Fashion makes a statement. Making an appointment for a fitting and handing over $17,000 after seeing a cover spread in Vogue is statement aplenty for what turned out to be a fitness tracking device. Back at its launch, the Apple Watch was a status symbol that fitted perfectly around your wrist; it was fashion and it was luxury.  

2020 marks the fifth birthday of the smartwatch from Apple. They’re worn by millions of people across the world. Whether it’s there to remind the user to stand up during a meeting, go do a workout, or take a moment to catch their breath, the Apple Watch has become a mainstay in people’s lives. It’s become much less a fashion statement and much more an essential tool for health and wellness.  

When an item goes mainstream, it can lose its fashion icon status, but the Apple Watch has bucked the trend. In 2019 Apple Watch sales figures outshone the whole Swiss watch industry by scarily large margins, says Strategy Analytics. An estimated 31 million Apple Watches were shipped in 2019, compared to a combined total of 21 million shipments for the entire Swiss market, so say the research firm. Shara Tibken, who originally wrote this article for cnet, notes that although Apple doesn’t release hard numbers on units sold but it did say revenues in the last fiscal year were $24.5billion for the category that includes Apple Watch and AirPods. That revenue figure saw a jump of 41 percent on the 2018 reporting year. 

“Swiss companies, like Swatch, are losing the smartwatch wars,” noted Strategy Analytics.

Market entrant

Five years ago, everyone was trying to get into the smartwatch and fitness band markets, be it tech companies or myriad startups. Market entrants included Fitbit, Sony, Pebble, Samsung, Jawbone, Misfit, and a host of other companies. Samsung, along with a few others, is still in the smartwatch sector, and others like Pebble got bought out or went bust. With all the tech-focused market entrants, the Swiss watch brands are struggling to meet market demands, even as they try to go digital.  

“The window for Swiss watch brands to make an impact in smartwatches is closing,” analyst Steven Waltzer said. “Time may be running out for Swatch, Tissot, TAG Heuer, and others.”

The smartwatch is now one of the massive successes of the Apple product line, although it can’t hold a candle to the iPhone for sales and revenue generation. Wearers still need to own an iPhone for their watch to work; there’s limited functionality as a standalone product. As a fitness tracker in its own right, the smartwatch needs a lot of work, yet it still went against expectations that were set five years ago and became a new successful product for Apple.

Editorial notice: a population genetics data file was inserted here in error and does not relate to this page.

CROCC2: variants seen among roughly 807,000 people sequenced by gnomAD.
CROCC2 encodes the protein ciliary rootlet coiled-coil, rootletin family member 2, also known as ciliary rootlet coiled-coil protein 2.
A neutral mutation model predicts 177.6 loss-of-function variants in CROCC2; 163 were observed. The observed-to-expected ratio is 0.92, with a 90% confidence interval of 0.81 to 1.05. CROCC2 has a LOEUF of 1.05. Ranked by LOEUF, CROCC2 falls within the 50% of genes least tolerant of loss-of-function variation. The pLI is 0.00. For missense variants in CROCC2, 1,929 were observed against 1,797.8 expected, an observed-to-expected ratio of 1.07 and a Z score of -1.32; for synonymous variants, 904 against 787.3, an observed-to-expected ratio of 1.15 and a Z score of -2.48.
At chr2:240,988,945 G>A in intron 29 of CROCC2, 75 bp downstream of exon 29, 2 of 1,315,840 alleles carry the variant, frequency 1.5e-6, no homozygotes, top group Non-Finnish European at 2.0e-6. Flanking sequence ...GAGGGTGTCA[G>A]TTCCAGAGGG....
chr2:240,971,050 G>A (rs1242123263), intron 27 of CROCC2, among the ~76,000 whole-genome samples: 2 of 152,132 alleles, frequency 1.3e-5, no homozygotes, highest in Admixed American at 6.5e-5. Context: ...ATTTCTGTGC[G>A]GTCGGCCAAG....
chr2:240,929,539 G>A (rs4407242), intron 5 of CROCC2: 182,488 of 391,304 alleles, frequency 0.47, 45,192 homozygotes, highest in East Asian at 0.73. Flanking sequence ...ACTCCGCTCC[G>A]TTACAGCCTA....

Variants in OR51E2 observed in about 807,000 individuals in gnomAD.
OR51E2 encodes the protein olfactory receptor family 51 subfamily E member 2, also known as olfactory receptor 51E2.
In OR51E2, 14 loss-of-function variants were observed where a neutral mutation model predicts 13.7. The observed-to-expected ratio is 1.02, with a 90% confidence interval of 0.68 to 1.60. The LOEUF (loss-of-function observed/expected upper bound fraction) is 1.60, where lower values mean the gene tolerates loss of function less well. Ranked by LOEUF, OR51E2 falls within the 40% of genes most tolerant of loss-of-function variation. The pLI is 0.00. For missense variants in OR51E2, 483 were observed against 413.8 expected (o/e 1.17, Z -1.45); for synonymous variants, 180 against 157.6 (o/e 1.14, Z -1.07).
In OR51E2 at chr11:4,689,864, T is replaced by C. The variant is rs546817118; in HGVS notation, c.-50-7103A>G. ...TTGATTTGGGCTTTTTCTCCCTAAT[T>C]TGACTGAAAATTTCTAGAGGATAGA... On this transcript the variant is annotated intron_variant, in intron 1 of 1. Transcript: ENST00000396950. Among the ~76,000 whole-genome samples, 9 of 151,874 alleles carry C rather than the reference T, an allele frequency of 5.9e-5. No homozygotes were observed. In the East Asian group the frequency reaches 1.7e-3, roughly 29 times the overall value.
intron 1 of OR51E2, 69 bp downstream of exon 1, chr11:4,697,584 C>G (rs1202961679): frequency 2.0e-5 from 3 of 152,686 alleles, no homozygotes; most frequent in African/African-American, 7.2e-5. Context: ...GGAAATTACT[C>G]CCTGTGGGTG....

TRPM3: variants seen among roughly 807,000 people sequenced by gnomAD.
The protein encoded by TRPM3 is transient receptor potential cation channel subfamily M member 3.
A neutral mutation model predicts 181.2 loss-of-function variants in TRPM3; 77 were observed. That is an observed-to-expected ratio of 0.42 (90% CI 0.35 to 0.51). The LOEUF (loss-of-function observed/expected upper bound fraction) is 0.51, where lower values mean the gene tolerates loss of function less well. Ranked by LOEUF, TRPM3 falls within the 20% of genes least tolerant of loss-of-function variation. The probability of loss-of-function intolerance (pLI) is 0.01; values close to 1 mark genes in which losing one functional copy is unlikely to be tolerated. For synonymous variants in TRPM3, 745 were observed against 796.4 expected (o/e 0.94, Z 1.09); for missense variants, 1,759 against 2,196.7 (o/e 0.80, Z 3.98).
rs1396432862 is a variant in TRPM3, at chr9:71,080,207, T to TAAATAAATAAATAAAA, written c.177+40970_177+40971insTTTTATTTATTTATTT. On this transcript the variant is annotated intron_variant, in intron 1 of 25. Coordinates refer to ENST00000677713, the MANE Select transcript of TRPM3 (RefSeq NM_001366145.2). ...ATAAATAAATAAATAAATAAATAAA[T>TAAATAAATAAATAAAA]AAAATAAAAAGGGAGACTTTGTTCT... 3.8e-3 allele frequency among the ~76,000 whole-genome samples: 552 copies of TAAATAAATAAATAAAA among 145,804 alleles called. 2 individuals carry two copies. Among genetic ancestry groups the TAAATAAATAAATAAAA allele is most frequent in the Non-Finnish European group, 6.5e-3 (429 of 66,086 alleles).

Leading the pack

As the dominant player in the smartwatch market today, it’s interesting to look back and see where it all started for the Apple Watch. Back in September 2014, the Apple Watch was unveiled, with no guarantee it would succeed. It wasn’t due to land on wrists for a further seven months and this gave rivals plenty of lead time to get started on their competitor products. The immediate need for a smartwatch wasn’t really clear, and the functionality wasn’t really understood. 

The Apple Watch was a major test for the Apple CEO Tim Cook. He had to show the market and investors that the brand could still find the next big product that consumers would lust after and spend big money on. The test was so big because of the recent, untimely departure of the previous helmsman Steve Jobs. The last completely new product that proved a hit was the iPad that came out in 2010, the last product that Jobs took to market. 

“Breakthrough” and “comprehensive” were the words used by Cook when introducing the Apple Watch, explaining its uses as a fitness device, walkie-talkie, and a controller for Apple TV, with plenty of other features packed in too. 

The device is “the most personal device we’ve ever created,” were his words at the launch, “because you wear it, we invented new intimate ways to connect and communicate directly from your wrist.”

Upon launch, there were a few different band options, 42mm or 38mm watch size options, and three different designs: the Apple Watch Sport with its aluminum case; the Apple Watch that had a stainless steel case; and an 18-karat gold version called Apple Watch Edition. Further, with the aluminum case, there was a choice of silver or space grey colors and the stainless steel version could keep its natural hue or come in black. The two gold choices were either yellow or rose gold, both 18 karats.  

The cheapest, entry-level watch started at $349; that gave you the Apple Watch Sport in aluminum and glass and a plastic wristband. For $17,000 you could get the Apple Watch Edition in gold. 

Angela Ahrendts, the former Burberry CEO, was brought in to sell this very personal device. She was appointed head of retail in April 2014 and took on the challenge of shaking up the in-store experience. To sell the Apple Watch, she was able to draw on her years of experience in the luxury fashion brand market.  

At its launch, it wasn’t as simple as walking into a store to pick up your Apple Watch in the same way you’d go buy your iPhone or iPad. Those looking to buy an Apple Watch needed to make an appointment to check out the device in a store whilst it was in preorder, and if you wanted to buy one you’d need to make a reservation. 

It grabbed market attention immediately. Estimates of 2 million preorders of Apple Watches were touted by analysts, and that was just in the two weeks leading into the official release date of April 24. Strategy Analytics notes that the combined shipped units of all other smartwatch vendors totaled 4.6 million for the whole of 2014.